State Capital Briefs: Friday, January 5, 2018
STATE CAPITAL BRIEFS (EVENING EDITION): FRIDAY, JANUARY 5, 2018
THE NEWS SERVICE OF FLORIDA

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SENATE BILL WOULD BOOST CONTRACEPTIVE COVERAGE
Health-insurance policies would be required to provide coverage for FDA-approved contraceptive drugs without imposing deductibles, coinsurance or co-payment requirements under a bill filed Friday by state Sen. Lauren Book, D-Plantation. The proposal (SB 1718) also would require insurance companies and HMOs to provide follow-up services, including insertion or removal of contraceptive devices, without additional cost-sharing requirements. The bill would provide an exemption from the mandate for religious employers and “closely held for profit entities” that oppose the coverage due to the owners' “sincerely held religious beliefs.” To qualify as a closely held entity, 50 percent of the ownership interest would need to be held by five or fewer people or must have a “substantially similar” ownership structure. Additionally, the company could not be publicly traded. The bill, filed for the legislative session that starts Tuesday, would direct the Florida Department of Health to establish rules to establish the exemption process for businesses. The Trump administration in October issued a pair of rules that rolled back a mandate that women have access to birth control without additional out-of-pocket costs. A House version of Book's bill had not been filed Friday.

JUSTICES TO HEAR ASBESTOS DISPUTE IN MARCH
In a dispute that has drawn attention from business and trial-lawyer groups, the Florida Supreme Court will hear arguments March 6 in a multimillion-dollar lawsuit filed by a man who said he suffered mesothelioma because of exposure to asbestos in cigarette filters and other products. The Supreme Court split 4-3 in July on whether to take up the case and issued an order Friday setting the date for oral arguments. Plaintiff Richard DeLisle went to the Supreme Court after the 4th District Court of Appeal ruled in favor of R.J. Reynolds Tobacco Co. and Crane Co., a manufacturer accused of exposing DeLisle to asbestos in gaskets. The appeals court ruling came after DeLisle had won an $8 million verdict in the Broward County case. Along with exposure in the gaskets, DeLisle alleged exposure in filters of Kent cigarettes he smoked in the 1950s. R.J. Reynolds is a successor company to the manufacturer of Kent cigarettes. The appeals court ruled that testimony of three of DeLisle's expert witnesses should not have been admitted in circuit court.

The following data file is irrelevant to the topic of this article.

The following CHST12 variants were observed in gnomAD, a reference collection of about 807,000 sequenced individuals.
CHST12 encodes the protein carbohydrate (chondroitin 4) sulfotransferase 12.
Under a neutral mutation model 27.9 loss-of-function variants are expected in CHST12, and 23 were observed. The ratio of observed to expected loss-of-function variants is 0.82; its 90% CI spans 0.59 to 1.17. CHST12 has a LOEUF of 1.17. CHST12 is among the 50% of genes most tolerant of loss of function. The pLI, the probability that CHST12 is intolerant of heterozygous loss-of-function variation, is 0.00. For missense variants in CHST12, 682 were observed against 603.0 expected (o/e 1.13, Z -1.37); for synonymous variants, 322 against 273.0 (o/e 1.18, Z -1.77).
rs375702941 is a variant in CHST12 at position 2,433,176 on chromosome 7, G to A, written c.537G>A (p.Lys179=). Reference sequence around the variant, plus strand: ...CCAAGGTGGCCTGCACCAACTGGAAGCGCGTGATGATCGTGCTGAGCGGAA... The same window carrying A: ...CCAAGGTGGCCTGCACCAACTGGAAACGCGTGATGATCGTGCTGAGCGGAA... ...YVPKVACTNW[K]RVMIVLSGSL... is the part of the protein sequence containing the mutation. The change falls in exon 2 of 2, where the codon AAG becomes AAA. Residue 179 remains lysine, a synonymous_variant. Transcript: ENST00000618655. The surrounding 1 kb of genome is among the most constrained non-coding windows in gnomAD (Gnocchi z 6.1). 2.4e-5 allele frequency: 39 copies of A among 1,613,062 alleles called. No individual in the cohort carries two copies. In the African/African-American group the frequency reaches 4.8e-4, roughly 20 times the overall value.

NEW LAWMAKER MCCLURE READY FOR RE-ELECTION RUN
Less than three weeks after winning a special election in a Hillsborough County House district, Republican Lawrence McClure is planning a re-election bid this fall. McClure, who defeated three other candidates Dec. 19 to replace former Rep. Dan Raulerson, R-Plant City, opened a campaign account Friday for the November election, according to the state Division of Elections website. Unaffiliated candidate Shawn Gilliam of Plant City also has opened an account for the District 58 race. Meanwhile, Orlando Democrat Eduardo Dominguez opened an account this week to try to unseat Rep. Bobby Olszewski, R-Winter Garden, in Orange County's House District 44. Dominguez is the third Democrat to open an account for the race.


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1/5/2018

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